The view out my front door of snow. It certainly is pretty, but I’d prefer daffodils in March.
In honor of the snow that is upon us in Maryland in mid-March (yuck), I’m posting this bit of flash fiction for all those folks who are going to build a snowman, or snowwomanm, today. Ultimately, the story is about friendship. And it’s flash fiction—a short story told in 532 words.
Snow pants. Check.
Susie was ready. It was the first snowfall of the year, and she was ready to take it on. She had everything planned out, because that’s the kind of kid she was. Organized. Methodical. Determined.
She had seen a picture of a snowwoman on her mother’s Pinterest site, and she vowed she would make it with Katie.
Katie had never seen snow—would never see snow. But she could feel it and touch it and taste it. Katie had lost her eyesight at the age of three, her mother told Susie when they moved in the house on their street, and Susie had more compassion for Katie than she even understood.
“I can’t wait for it to snow,” Katie had said to Susie. “I want to play in it.”
“We will play in it,” Susie said. “You are going to help me build this snowwoman.”
“What snowwoman?” Katie asked.
Susie thought for a second, as she was holding the picture of the snowwoman in her hand that her mother had printed for her on the color printer. She realized Katie could not see it, so she took great care to tell her what she was going to look like. “She is going to have a round body, a round middle, and a round head,” she said. “But not too round. We don’t want people to think she eats too much.” Katie giggled.
Katie’s mother was helping her put on her snow clothing as Susie stood in the foyer, feeling quite warm with all her layers on. At the age of nine, the two girls had quickly become good friends over the course of the last six months.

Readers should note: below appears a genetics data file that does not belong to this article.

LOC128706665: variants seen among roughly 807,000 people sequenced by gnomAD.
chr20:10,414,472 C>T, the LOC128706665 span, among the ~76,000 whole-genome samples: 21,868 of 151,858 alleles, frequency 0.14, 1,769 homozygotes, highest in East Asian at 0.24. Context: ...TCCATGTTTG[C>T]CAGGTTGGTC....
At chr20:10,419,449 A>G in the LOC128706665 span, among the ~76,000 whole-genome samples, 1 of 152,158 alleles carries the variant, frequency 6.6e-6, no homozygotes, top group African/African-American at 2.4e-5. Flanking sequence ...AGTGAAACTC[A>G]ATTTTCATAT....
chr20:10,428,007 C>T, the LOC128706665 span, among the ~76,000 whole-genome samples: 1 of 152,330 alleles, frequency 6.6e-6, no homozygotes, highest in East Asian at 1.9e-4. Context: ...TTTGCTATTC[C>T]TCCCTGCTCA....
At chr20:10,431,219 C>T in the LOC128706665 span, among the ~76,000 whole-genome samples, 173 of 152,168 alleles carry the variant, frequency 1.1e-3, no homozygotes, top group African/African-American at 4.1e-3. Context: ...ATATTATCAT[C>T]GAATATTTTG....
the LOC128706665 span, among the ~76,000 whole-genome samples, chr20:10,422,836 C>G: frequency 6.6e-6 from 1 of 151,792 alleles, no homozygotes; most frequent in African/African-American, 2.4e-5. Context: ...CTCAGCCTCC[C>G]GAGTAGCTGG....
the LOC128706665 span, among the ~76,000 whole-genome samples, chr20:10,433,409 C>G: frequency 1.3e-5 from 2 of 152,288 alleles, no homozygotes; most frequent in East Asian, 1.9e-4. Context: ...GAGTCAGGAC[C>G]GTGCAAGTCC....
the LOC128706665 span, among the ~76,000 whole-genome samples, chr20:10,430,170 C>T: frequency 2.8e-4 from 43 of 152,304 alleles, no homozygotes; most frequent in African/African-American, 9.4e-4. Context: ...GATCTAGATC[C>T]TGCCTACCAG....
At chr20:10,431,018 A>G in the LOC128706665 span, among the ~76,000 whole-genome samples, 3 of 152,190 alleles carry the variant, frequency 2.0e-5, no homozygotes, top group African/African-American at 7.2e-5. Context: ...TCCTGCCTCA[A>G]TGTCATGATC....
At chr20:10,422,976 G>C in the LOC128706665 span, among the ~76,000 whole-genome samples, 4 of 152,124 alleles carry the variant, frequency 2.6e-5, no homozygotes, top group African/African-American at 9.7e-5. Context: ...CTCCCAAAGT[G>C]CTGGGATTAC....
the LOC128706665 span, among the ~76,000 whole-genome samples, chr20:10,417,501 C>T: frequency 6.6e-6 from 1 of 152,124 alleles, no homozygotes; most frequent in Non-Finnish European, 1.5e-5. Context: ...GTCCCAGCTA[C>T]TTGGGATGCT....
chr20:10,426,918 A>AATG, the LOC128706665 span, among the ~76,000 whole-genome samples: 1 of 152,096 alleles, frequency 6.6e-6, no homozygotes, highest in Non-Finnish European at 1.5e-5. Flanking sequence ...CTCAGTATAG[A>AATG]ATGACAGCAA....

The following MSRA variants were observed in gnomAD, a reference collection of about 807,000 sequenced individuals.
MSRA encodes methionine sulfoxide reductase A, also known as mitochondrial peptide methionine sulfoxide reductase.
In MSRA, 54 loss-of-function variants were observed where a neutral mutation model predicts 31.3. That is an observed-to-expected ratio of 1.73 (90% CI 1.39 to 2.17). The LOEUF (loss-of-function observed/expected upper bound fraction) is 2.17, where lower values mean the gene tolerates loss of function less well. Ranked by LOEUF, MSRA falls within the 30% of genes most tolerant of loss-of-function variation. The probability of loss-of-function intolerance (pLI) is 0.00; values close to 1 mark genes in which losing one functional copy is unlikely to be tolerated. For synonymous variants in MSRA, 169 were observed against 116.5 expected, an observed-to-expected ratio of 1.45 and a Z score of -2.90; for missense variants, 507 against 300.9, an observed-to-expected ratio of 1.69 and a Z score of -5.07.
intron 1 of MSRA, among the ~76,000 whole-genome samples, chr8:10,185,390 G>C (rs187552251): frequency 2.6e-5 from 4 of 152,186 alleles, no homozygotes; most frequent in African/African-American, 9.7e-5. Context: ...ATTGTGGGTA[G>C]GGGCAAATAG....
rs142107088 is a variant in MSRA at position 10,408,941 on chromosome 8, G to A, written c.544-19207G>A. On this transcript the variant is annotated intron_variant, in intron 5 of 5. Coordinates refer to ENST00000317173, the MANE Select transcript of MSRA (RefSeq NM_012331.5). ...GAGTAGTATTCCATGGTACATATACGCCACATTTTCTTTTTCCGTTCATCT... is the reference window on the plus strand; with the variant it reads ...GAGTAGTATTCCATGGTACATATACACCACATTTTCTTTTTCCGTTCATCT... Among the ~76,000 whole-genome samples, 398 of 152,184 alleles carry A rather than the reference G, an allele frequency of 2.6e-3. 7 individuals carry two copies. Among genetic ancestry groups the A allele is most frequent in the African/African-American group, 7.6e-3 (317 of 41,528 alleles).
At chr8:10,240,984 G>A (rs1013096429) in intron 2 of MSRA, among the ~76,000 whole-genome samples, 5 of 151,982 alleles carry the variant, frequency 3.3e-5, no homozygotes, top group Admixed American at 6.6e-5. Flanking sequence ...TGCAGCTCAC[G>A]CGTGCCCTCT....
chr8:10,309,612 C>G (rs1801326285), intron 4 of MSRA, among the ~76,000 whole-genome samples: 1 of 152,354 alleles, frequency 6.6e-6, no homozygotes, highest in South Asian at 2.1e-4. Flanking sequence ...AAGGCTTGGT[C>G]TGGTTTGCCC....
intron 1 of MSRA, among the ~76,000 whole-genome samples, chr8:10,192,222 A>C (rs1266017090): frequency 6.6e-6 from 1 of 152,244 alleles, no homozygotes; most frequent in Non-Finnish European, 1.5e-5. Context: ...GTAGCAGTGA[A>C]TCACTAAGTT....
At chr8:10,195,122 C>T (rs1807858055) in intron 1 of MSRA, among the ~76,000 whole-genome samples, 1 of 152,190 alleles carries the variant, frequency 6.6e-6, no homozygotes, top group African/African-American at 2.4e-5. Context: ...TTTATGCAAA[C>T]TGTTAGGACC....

“What is the snowwoman going to wear?” Katie asked Susie.
“I have it all outside,” she said. “My mother gave me a box of old clothes we can put on her. I have a pink scarf with glitter, old clip on earrings, a very pretty hat, and some colorful buttons. I even have a pair of high-heeled old boots she can wear!”
Katie clapped in delight. “Can I put the buttons on?” she asked Susie.
“Of course…you are going to help me with everything. I can’t do it by myself.”
Katie’s mother zipped up the last zip and helped her walk outside the door. “Have fun, girls,” she called.
For two hours, the girls rolled and sculpted and created their own version of the printed snowwoman.
When it came time for the finishing touches, Susie’s mother came outside to put the hat on top of the snowwoman’s head, as the two were too petite to reach.
“I wish you could see her,” Susie said, breathless and delighted at their creation. She was beaming with pride.
“I can see her,” Katie said. “Because of you I can see it in my imagination. And I know she’s beautiful.”
Susie gave Katie a little squeeze.
“And now the last item gets added,” Susie said, as she handed something to her mother. “Mom, put these sunglasses on her face. We’re going to name her Katie.”
Flash Fiction by Stephanie Verni
Stephanie Verni is Professor of Business Communication at Stevenson University and is the author of the newly released Inn Significant, Baseball Girl, and Beneath the Mimosa Tree. Along with her colleagues Leeanne Bell McManus and Chip Rouse, she is a co-author of Event Planning: Communicating Theory and Practice, published by Kendall-Hunt. To visit Stephanie’s Amazon Author page and see her books, click here.